So we have done the Milford Cruise seen the sharks there abouts and got the badges to prove we had been there. What next? All those back country huts to be explored, multi day tramps in remote back country; all these fantastic suggestions were met with a resounding no. I felt a bit deflated that even my good wife would not want to tramp again (yet). I heard talk of an old camp once used by the road builders up towards the Hollyford trail. It now had a museum dedicated to the memory of Davey Gunn and a few of the huts could be used for staying in. We set off back up the Milford road.

The camp was a delight, we could camp but are getting soft and decided to stay in one of the old ‘family’ huts. Apparently Davey was a bit of a character; in the vein of people that sound really interesting but I bet that if you did meet them would have been a right pain in the butt to have got along with. His camp was full of quirks and that amused us. I liked the ticking atom bomb, said to go off if you used too much hot water up when having a shower. (The water was heated by a wood burner so you had to put a couple of logs on the fire to get the water to a good temperature.)

What really made the camp was the great communal area. It had that busy ‘youthy’ feel. A bunch of guys were there on their away stay, they got 10 days; I was quite jealous. They were holed up waiting for some rain to fill the river enough so they could go down the river for some fishing. In the meantime they had a birthday to celebrate, and we (Angela and I) were introduced to Glarva, or was it Clarva, anyway a fun evening was had by all.

We have managed a couple of day walks based from the camp; one up to Key point and the other to Lake M… can’t remember which female name beginning with m it was… Marion(?) . We went up to the point first and I was pleased we packed the warm stuff as by the time we had got to the top we were all putting on the extra layers. The wind was starting to pick up. Luckily it didn’t interfere with the view and we had a great geography lesson on the features of a glacial landscape. Okay I did, you could see all those bits that you were taught about in high school geography. I even spotted a hanging valley with an arête thrown in on the top. Also visible was the fault line that runs through the area. Apparently it is the same fault that wrecked Christchurch. Anyway as you can imagine it was all very exciting, topped off by tree ferns and very wild beech woods I had a good day. I even offered an extra loop to extend the walk, everyone followed Angela and I was left to marvel at the flora and fauna myself.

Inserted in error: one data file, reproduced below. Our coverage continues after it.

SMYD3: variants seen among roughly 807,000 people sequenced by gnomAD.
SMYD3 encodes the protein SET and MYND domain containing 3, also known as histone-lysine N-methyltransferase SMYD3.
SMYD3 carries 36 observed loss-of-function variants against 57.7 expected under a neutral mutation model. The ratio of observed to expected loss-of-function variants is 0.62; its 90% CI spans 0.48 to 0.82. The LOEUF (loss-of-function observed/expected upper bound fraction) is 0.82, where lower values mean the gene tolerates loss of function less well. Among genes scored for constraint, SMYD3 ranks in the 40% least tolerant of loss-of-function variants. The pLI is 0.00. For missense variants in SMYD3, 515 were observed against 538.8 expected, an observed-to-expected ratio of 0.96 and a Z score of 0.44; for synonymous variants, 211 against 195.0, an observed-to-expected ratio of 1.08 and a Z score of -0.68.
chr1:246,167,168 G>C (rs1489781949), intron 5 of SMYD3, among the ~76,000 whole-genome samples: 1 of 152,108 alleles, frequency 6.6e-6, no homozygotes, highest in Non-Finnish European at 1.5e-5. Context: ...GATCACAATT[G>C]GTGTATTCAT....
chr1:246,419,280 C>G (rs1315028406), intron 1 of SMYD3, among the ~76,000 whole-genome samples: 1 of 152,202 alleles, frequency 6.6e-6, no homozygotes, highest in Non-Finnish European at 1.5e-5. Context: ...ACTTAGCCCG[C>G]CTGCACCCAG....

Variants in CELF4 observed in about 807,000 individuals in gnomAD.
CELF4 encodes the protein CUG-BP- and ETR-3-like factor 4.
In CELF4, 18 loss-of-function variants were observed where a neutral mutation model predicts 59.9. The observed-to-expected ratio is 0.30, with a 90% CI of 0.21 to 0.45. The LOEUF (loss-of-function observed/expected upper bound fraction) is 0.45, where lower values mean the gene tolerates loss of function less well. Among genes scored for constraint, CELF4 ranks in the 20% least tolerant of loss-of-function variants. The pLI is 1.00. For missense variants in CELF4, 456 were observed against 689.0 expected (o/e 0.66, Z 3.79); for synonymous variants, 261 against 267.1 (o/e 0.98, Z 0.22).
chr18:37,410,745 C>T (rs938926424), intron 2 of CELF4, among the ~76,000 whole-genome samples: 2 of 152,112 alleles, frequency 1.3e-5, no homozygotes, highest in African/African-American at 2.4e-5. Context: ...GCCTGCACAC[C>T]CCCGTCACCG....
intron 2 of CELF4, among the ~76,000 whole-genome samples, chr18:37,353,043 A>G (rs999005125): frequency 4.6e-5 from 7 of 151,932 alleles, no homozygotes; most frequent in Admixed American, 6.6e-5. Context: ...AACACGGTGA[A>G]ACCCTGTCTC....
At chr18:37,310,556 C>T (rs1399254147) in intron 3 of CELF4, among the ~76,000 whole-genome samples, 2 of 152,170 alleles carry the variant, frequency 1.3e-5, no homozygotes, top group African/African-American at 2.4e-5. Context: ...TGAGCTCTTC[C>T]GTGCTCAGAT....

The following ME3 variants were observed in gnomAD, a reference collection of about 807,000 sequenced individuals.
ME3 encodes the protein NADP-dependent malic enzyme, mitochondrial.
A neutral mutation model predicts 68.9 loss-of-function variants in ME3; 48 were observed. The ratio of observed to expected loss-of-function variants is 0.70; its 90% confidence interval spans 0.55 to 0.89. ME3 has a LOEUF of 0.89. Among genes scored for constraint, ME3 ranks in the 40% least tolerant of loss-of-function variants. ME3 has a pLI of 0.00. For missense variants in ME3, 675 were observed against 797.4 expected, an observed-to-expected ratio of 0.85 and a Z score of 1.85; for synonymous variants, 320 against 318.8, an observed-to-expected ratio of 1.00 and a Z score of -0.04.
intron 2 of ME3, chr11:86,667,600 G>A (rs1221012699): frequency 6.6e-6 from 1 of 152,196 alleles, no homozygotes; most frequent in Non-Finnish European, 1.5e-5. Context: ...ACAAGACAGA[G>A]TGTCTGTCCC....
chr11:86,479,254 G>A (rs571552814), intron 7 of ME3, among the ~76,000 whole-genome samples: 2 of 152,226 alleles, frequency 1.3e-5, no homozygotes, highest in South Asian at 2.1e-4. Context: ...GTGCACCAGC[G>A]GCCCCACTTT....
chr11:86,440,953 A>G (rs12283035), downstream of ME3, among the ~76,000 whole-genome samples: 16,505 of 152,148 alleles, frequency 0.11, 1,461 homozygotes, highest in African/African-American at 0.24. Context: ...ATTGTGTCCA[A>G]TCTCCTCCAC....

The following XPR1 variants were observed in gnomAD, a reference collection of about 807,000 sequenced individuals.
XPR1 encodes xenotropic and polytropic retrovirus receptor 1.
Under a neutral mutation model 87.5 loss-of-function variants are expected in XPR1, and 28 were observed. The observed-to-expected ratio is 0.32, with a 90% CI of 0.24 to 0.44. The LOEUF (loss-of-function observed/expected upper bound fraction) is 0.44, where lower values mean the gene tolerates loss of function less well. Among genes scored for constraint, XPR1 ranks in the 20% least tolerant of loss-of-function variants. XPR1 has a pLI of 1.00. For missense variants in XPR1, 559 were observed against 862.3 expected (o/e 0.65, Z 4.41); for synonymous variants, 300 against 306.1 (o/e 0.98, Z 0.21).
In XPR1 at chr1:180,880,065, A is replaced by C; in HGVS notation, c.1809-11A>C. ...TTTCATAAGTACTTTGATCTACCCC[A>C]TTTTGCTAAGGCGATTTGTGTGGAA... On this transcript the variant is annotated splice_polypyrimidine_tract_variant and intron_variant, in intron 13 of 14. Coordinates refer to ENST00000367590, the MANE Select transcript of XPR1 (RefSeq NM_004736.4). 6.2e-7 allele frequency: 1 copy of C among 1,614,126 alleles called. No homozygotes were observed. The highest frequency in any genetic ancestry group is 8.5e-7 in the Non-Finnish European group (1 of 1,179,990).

We managed on more walk the next day – up to the lake, before the weather closed in. The boating party was happy, but with the weather set to rain for the next few days we decided to head to the drier area around Mt. Aspiring, and maybe Rob Roy Glacier.

1 Comment

One thought on “Fjordland

  1. The Cheltenham armchair travellers

    Wow! Lost for words xxxx

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